Contents
Contributors.......................................................................................................................... vii Introduction .......................................................................................................................... 1 Akinpelu O. Olutayo and Adebusuyi I. Adeniran 1.Inter-regionalismAfrica’sas a Mechanism for the Harmonization of Regional Integration Projects ...................................................................................... 7 Bappah Habibu Yaya 2. Regional Development Poles and Self-sustaining Development in Africa ...... 23 Benaiah Yongo-Bure 3. Interrogating Regional Security Arrangements in Africa: The Case of the African Peace and Security Architecture .................................................. 37 Leah Kimathi 4. Regional Financial Integration: Evidence from Stock Markets in the West African Monetary Zone ....................................................................... 51 Terfa Williams Abraham 5. Gender Dimensions of Informal Cross-border Trade in the West African Sub-region (ECOWAS) Borders .............................................................................. 63 Olabisi S. Yusuff 6. Regional Networking and Identity Integration in West Africa: Case Study of Ejigbo-Yoruba in Cote d’Ivoire .......................................................................... 79 Adebusuyi I. Adeniran and Akinpelu O. Olutayo 7. Children's Decision-making Mechanism to Migrate for Work: Theoretical Analysis Applied to West Africa ......................................................... 93 Kabran Aristide Djane 8. Trans-border Banditry and Integration in the West African Sub-region ........ 101 Olayinka Akanle and Ayokunle Olumuyiwa Omobowale 9. From State Back to the State: Lessons for ECOWAS Countries .................... 111 Akinpelu O. Olutayo, Olayinka Akanle and Molatokunbo A. Olutayo 10. Policing Irregular Migration in the West African Sub-region: Implications for Regional Integration ................................................................... 123 Ikuteyijo Lanre Olusegun
Contributors
Terfa Williams Abrahamobtained his BSc and MSc degrees in Economics from the Ahmadu Bello University, Zaria-Nigeria and a Certificate in Economics of Climate Change from the AERC/UNU-WIDER training in Cape Town, South Africa. An Associate Member of the Nigerian Economic Society (NES) and Individual Member of CODESRIA, his research interests are in Financial Markets, Public Finance, Climate Change and Development Economics. He is currently a Research Officer at the National Institute for Legislative Studies (NILS), National Assembly, Abuja, Nigeria.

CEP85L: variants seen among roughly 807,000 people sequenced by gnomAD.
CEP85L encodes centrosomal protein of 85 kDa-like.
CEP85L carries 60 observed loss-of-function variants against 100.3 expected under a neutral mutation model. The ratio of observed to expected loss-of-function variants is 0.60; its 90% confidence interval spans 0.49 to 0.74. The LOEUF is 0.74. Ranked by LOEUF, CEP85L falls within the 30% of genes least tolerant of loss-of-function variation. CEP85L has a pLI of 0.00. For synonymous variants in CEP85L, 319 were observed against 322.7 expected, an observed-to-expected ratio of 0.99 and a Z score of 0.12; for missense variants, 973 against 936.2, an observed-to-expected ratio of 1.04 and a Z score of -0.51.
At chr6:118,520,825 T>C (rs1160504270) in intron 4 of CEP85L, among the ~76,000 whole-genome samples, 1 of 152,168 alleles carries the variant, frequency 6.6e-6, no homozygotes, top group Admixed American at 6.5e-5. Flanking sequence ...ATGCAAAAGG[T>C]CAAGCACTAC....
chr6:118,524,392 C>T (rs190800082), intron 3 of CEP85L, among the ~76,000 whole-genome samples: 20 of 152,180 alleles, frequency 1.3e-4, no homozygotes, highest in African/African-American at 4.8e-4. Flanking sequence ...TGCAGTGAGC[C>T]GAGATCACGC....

Adebusuyi Isaac Adeniranis a Lecturer/Researcher in Sociology at the Obafemi Awolowo University, Nigeria and a visiting researcher at The Harriet Tubman Institute, York University, Canada. He holds a PhD in Development Sociology from the University of Ibadan, Nigeria. He has published in widely acclaimed local and international journals, periodicals, books and encyclopaedias. His recent articles explain the usefulness of an endogenous development framework in West Africa (Critical Sociology, Sage, 2012) and the dynamics of cross-border relation in the ECOWAS sub-region (Blackwell, 2013). He is a recipient of the Africa Initiative Graduate Research Grant (Canada 2011) and CODESRIA’s Comparative Research Network Grant (2012) among other scholarly awards.
Olayinka Akanle istheSociology, Faculty of a Lecturer at the Department of Social Sciences, University of Ibadan, Nigeria. He has published extensively in books, encyclopaedias and learned journals, both locally and internationally, including; Akanle, O. and Olutayo, A.O., 2012, ‘Ethnography of Kinship Constructions among International Returnees in Nigeria: Proverbs as the Horses of Words’,Journal of Anthropological Research.68.2; Olutayo, A.O and Akanle, O., 2009, ‘Fast Foods in lbadan Metropolis: An Emerging Consumption Pattern’,Africa, 79.2, pp. 207-227.
Kabran Aristide DjaneSociologyis a Lecturer/Researcher at the Department of and Anthropology, University of Korhogo, Ivory Coast. He is a specialist in population and development studies. He focuses his research on African fieldworks by applying modelling in social sciences. He has modelled children’s environmental behaviour in many of his research works. He is currently working on multilevel analysis in children agencies.